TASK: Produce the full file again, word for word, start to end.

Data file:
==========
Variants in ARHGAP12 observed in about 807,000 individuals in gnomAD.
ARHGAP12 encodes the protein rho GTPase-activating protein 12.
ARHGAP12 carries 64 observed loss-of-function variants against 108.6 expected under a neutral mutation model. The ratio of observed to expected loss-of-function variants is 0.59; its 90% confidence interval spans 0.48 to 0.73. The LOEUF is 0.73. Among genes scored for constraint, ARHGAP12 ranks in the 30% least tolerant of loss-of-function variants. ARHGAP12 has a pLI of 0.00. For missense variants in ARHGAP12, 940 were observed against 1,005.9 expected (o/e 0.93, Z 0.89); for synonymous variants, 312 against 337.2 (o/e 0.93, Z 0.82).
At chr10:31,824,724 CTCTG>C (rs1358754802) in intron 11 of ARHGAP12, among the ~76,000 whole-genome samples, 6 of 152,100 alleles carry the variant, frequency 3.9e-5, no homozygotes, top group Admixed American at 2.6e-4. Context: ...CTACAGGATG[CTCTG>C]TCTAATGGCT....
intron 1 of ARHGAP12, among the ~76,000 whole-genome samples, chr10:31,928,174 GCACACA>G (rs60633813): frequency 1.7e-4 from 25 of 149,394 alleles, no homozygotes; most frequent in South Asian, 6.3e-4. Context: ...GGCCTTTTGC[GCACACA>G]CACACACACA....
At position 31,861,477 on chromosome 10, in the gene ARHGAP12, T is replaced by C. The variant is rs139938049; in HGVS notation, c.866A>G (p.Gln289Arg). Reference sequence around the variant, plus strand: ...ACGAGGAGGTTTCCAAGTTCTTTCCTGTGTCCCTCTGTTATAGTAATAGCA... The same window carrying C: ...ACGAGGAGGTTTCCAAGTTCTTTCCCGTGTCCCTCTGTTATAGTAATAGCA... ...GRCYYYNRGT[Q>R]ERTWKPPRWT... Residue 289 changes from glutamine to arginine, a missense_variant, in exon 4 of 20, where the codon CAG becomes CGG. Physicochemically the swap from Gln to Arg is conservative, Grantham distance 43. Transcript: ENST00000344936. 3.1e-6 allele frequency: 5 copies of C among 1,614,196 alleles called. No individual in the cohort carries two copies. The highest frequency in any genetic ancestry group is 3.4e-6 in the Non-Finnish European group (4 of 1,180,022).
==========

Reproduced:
Variants in ARHGAP12 observed in about 807,000 individuals in gnomAD.
ARHGAP12 encodes the protein rho GTPase-activating protein 12.
ARHGAP12 carries 64 observed loss-of-function variants against 108.6 expected under a neutral mutation model. The ratio of observed to expected loss-of-function variants is 0.59; its 90% confidence interval spans 0.48 to 0.73. The LOEUF is 0.73. Among genes scored for constraint, ARHGAP12 ranks in the 30% least tolerant of loss-of-function variants. ARHGAP12 has a pLI of 0.00. For missense variants in ARHGAP12, 940 were observed against 1,005.9 expected (o/e 0.93, Z 0.89); for synonymous variants, 312 against 337.2 (o/e 0.93, Z 0.82).
At chr10:31,824,724 CTCTG>C (rs1358754802) in intron 11 of ARHGAP12, among the ~76,000 whole-genome samples, 6 of 152,100 alleles carry the variant, frequency 3.9e-5, no homozygotes, top group Admixed American at 2.6e-4. Context: ...CTACAGGATG[CTCTG>C]TCTAATGGCT....
intron 1 of ARHGAP12, among the ~76,000 whole-genome samples, chr10:31,928,174 GCACACA>G (rs60633813): frequency 1.7e-4 from 25 of 149,394 alleles, no homozygotes; most frequent in South Asian, 6.3e-4. Context: ...GGCCTTTTGC[GCACACA>G]CACACACACA....
At position 31,861,477 on chromosome 10, in the gene ARHGAP12, T is replaced by C. The variant is rs139938049; in HGVS notation, c.866A>G (p.Gln289Arg). Reference sequence around the variant, plus strand: ...ACGAGGAGGTTTCCAAGTTCTTTCCTGTGTCCCTCTGTTATAGTAATAGCA... The same window carrying C: ...ACGAGGAGGTTTCCAAGTTCTTTCCCGTGTCCCTCTGTTATAGTAATAGCA... ...GRCYYYNRGT[Q>R]ERTWKPPRWT... Residue 289 changes from glutamine to arginine, a missense_variant, in exon 4 of 20, where the codon CAG becomes CGG. Physicochemically the swap from Gln to Arg is conservative, Grantham distance 43. Transcript: ENST00000344936. 3.1e-6 allele frequency: 5 copies of C among 1,614,196 alleles called. No individual in the cohort carries two copies. The highest frequency in any genetic ancestry group is 3.4e-6 in the Non-Finnish European group (4 of 1,180,022).